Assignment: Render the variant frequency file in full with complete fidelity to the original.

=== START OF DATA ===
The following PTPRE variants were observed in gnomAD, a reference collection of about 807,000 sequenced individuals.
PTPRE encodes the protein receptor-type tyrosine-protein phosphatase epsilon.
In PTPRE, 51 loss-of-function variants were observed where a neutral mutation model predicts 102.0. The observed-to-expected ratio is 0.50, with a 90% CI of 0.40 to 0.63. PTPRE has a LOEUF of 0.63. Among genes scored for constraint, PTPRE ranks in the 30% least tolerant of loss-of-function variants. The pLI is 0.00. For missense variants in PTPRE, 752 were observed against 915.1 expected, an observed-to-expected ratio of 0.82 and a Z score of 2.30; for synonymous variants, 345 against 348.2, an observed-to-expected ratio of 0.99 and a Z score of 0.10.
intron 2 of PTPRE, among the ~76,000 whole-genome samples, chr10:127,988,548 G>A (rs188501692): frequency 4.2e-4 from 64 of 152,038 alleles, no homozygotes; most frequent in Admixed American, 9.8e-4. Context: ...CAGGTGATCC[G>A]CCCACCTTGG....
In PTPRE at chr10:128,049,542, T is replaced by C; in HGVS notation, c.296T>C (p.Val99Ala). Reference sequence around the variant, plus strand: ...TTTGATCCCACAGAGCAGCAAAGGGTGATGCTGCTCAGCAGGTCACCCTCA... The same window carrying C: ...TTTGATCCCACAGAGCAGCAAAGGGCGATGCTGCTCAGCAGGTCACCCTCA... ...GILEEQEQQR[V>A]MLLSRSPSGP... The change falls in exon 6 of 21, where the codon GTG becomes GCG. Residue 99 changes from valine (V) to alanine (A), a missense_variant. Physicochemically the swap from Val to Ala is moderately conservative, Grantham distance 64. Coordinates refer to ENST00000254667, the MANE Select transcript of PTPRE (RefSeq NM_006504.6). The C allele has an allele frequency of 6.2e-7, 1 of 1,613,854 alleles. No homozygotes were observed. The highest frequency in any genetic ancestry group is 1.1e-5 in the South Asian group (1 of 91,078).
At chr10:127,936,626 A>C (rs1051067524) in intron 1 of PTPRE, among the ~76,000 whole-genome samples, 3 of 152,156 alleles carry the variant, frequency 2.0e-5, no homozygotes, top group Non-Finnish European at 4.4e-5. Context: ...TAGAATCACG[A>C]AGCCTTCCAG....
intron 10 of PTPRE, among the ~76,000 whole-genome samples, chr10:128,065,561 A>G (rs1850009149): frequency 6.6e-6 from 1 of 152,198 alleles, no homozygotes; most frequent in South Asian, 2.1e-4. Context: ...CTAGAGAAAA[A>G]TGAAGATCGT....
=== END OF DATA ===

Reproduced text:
The following PTPRE variants were observed in gnomAD, a reference collection of about 807,000 sequenced individuals.
PTPRE encodes the protein receptor-type tyrosine-protein phosphatase epsilon.
In PTPRE, 51 loss-of-function variants were observed where a neutral mutation model predicts 102.0. The observed-to-expected ratio is 0.50, with a 90% CI of 0.40 to 0.63. PTPRE has a LOEUF of 0.63. Among genes scored for constraint, PTPRE ranks in the 30% least tolerant of loss-of-function variants. The pLI is 0.00. For missense variants in PTPRE, 752 were observed against 915.1 expected, an observed-to-expected ratio of 0.82 and a Z score of 2.30; for synonymous variants, 345 against 348.2, an observed-to-expected ratio of 0.99 and a Z score of 0.10.
intron 2 of PTPRE, among the ~76,000 whole-genome samples, chr10:127,988,548 G>A (rs188501692): frequency 4.2e-4 from 64 of 152,038 alleles, no homozygotes; most frequent in Admixed American, 9.8e-4. Context: ...CAGGTGATCC[G>A]CCCACCTTGG....
In PTPRE at chr10:128,049,542, T is replaced by C; in HGVS notation, c.296T>C (p.Val99Ala). Reference sequence around the variant, plus strand: ...TTTGATCCCACAGAGCAGCAAAGGGTGATGCTGCTCAGCAGGTCACCCTCA... The same window carrying C: ...TTTGATCCCACAGAGCAGCAAAGGGCGATGCTGCTCAGCAGGTCACCCTCA... ...GILEEQEQQR[V>A]MLLSRSPSGP... The change falls in exon 6 of 21, where the codon GTG becomes GCG. Residue 99 changes from valine (V) to alanine (A), a missense_variant. Physicochemically the swap from Val to Ala is moderately conservative, Grantham distance 64. Coordinates refer to ENST00000254667, the MANE Select transcript of PTPRE (RefSeq NM_006504.6). The C allele has an allele frequency of 6.2e-7, 1 of 1,613,854 alleles. No homozygotes were observed. The highest frequency in any genetic ancestry group is 1.1e-5 in the South Asian group (1 of 91,078).
At chr10:127,936,626 A>C (rs1051067524) in intron 1 of PTPRE, among the ~76,000 whole-genome samples, 3 of 152,156 alleles carry the variant, frequency 2.0e-5, no homozygotes, top group Non-Finnish European at 4.4e-5. Context: ...TAGAATCACG[A>C]AGCCTTCCAG....
intron 10 of PTPRE, among the ~76,000 whole-genome samples, chr10:128,065,561 A>G (rs1850009149): frequency 6.6e-6 from 1 of 152,198 alleles, no homozygotes; most frequent in South Asian, 2.1e-4. Context: ...CTAGAGAAAA[A>G]TGAAGATCGT....